Governor deploys National Guard and state police after bombing in New York

New York Governor Andrew Cuomo announced on Sunday that 1,000 National Guard soldiers and state police officers would be deployed at key locations throughout New York City, including bus and subway stations and airports, following Saturday evening’s bomb explosion in Manhattan.

This is in addition to an already increased police presence. A wide area of central Manhattan was closed to traffic by the police Sunday, and security measures have been increased throughout the city.

The explosion occurred at approximately 8:30 Saturday evening on West 23rd Street in the Chelsea neighborhood, on the West Side of Manhattan. The blast appeared to come from in or near a trash dumpster on the sidewalk. The powerful explosion, which officials indicate was caused by a homemade bomb, shook buildings and shattered windows over a large area. It injured 29 people, and all were reported to have been released from hospital by Sunday morning.

A second, unexploded bomb was found several blocks to the north, on West 27th Street, during a subsequent sweep of the vicinity. That device has been removed for examination by the FBI. Both bombs reportedly resemble the “pressure cooker” bombs used in the Boston Marathon attack three years ago.

Earlier on Saturday, another explosion took place, this one in Seaside Park, a coastal community in New Jersey, about 80 miles south of New York City. That blast, at 9:30 in the morning, was caused by an improvised device or pipe bomb left in a trash can along the planned route of a race to raise money for the US Marine Corps. The race was postponed, and no one was injured by that explosion.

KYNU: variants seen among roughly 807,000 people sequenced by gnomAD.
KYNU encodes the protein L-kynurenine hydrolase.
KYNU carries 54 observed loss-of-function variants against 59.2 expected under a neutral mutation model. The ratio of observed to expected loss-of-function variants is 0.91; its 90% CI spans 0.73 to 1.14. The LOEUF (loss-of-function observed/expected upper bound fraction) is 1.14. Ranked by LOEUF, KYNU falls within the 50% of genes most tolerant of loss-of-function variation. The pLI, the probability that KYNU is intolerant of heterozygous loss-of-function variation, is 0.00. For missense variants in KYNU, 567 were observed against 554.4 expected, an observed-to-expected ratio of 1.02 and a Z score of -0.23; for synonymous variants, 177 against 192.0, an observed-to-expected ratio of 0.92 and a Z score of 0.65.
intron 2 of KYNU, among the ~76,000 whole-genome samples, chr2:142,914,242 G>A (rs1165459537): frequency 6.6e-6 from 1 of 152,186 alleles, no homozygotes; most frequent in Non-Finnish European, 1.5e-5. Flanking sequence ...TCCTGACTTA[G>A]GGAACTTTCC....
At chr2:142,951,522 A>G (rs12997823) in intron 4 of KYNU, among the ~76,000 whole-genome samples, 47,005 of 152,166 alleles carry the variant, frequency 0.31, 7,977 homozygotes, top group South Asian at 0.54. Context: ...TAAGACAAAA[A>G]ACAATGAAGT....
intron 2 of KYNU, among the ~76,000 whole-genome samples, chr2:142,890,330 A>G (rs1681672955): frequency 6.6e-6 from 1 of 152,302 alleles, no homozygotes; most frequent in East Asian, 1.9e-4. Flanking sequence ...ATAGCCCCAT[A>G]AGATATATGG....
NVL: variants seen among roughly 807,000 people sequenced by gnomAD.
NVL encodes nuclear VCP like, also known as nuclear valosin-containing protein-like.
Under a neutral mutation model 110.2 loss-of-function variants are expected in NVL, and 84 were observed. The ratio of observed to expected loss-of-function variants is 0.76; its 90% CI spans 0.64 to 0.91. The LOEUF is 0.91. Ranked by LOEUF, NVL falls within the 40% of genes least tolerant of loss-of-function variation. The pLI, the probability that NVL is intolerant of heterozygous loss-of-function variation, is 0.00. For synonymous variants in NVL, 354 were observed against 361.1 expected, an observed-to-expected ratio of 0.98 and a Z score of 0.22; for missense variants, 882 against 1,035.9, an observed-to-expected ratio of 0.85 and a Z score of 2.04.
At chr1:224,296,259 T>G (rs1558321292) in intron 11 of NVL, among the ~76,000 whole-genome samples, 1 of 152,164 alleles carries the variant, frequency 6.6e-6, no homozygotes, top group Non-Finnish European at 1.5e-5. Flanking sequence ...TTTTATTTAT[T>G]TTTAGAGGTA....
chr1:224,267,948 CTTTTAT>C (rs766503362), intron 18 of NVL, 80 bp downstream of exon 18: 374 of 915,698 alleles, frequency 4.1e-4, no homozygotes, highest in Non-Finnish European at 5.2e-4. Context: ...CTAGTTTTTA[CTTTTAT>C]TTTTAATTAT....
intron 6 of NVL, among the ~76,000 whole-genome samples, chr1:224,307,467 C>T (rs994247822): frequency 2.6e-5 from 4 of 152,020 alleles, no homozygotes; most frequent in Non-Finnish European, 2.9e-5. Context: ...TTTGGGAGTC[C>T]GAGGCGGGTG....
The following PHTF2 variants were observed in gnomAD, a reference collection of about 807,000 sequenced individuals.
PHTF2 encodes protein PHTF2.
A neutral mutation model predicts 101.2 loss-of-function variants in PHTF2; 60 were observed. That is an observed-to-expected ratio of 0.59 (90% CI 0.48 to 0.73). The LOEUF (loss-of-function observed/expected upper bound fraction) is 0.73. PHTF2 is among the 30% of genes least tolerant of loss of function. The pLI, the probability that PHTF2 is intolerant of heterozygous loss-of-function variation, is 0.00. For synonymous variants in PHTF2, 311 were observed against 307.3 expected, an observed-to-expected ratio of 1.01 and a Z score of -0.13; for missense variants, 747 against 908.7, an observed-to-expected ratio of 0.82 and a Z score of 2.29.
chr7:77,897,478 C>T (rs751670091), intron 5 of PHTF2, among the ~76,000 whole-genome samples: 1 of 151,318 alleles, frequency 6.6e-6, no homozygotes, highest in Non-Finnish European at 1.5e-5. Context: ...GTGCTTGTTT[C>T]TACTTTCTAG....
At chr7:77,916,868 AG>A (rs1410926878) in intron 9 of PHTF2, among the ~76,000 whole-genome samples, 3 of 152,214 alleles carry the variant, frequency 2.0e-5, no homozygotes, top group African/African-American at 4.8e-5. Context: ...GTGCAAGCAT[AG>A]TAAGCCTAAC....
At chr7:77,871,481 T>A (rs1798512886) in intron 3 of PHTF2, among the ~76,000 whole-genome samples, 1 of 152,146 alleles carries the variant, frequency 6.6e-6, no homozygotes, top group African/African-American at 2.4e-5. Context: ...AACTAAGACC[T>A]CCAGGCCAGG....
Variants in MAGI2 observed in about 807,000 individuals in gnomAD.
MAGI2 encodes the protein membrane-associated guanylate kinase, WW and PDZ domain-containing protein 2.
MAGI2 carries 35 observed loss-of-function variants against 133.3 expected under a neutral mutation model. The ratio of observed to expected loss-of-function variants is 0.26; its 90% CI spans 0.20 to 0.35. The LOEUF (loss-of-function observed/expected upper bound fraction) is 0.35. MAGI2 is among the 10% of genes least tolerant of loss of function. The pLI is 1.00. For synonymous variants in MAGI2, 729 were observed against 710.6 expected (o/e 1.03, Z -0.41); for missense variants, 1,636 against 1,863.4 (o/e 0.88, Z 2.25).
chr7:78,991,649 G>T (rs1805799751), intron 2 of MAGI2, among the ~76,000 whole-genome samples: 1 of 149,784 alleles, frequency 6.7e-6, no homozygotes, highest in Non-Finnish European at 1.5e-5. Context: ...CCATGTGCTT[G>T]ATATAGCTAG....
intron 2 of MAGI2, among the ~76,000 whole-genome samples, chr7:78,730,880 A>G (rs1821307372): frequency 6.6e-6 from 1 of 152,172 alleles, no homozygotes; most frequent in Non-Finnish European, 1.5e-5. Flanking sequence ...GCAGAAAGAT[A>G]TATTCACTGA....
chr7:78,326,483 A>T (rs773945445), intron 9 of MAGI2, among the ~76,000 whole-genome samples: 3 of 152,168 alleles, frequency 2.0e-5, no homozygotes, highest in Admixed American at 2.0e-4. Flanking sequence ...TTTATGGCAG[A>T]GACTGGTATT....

There have been no confirmed claims of responsibility for any of these bombs, and New York City Mayor Bill de Blasio and Governor Cuomo have both stated that no official conclusions have yet been made regarding who is responsible. Cuomo was quick to state, however, “A bomb exploding in New York is obviously an act of terrorism.”

Presidential candidates Donald Trump and Hillary Clinton also rushed to condemn “terrorism.” After initially stating it was necessary to wait for facts to come out, Clinton issued a statement on Sunday condemning “the apparent terrorist attacks in Minnesota, New Jersey, and New York.” ISIS claimed responsibility for the stabbing of nine people by one man in a Minnesota mall on Saturday.

Clinton went on to use the attacks to bolster her own calls for stepped up war in Syria and Iraq. “ISIS has claimed responsibility for the attack in Minnesota, and this should steel our resolve to protect our country and defeat ISIS and other terrorist groups.”